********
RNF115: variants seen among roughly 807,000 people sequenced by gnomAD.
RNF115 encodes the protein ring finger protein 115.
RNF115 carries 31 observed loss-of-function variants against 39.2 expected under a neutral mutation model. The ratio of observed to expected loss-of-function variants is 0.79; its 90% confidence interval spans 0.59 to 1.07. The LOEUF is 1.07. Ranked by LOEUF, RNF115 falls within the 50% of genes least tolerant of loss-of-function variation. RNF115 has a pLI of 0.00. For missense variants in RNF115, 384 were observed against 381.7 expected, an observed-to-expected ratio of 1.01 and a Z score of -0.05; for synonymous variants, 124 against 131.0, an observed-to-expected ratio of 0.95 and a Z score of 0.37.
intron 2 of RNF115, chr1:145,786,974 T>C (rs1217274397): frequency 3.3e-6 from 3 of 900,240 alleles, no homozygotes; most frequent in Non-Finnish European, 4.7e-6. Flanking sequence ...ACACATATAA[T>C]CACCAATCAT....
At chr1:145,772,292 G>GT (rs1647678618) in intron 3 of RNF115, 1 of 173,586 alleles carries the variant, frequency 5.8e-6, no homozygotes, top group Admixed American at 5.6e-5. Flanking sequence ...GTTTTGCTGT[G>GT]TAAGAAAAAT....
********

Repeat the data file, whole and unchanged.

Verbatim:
RNF115: variants seen among roughly 807,000 people sequenced by gnomAD.
RNF115 encodes the protein ring finger protein 115.
RNF115 carries 31 observed loss-of-function variants against 39.2 expected under a neutral mutation model. The ratio of observed to expected loss-of-function variants is 0.79; its 90% confidence interval spans 0.59 to 1.07. The LOEUF is 1.07. Ranked by LOEUF, RNF115 falls within the 50% of genes least tolerant of loss-of-function variation. RNF115 has a pLI of 0.00. For missense variants in RNF115, 384 were observed against 381.7 expected, an observed-to-expected ratio of 1.01 and a Z score of -0.05; for synonymous variants, 124 against 131.0, an observed-to-expected ratio of 0.95 and a Z score of 0.37.
intron 2 of RNF115, chr1:145,786,974 T>C (rs1217274397): frequency 3.3e-6 from 3 of 900,240 alleles, no homozygotes; most frequent in Non-Finnish European, 4.7e-6. Flanking sequence ...ACACATATAA[T>C]CACCAATCAT....
At chr1:145,772,292 G>GT (rs1647678618) in intron 3 of RNF115, 1 of 173,586 alleles carries the variant, frequency 5.8e-6, no homozygotes, top group Admixed American at 5.6e-5. Flanking sequence ...GTTTTGCTGT[G>GT]TAAGAAAAAT....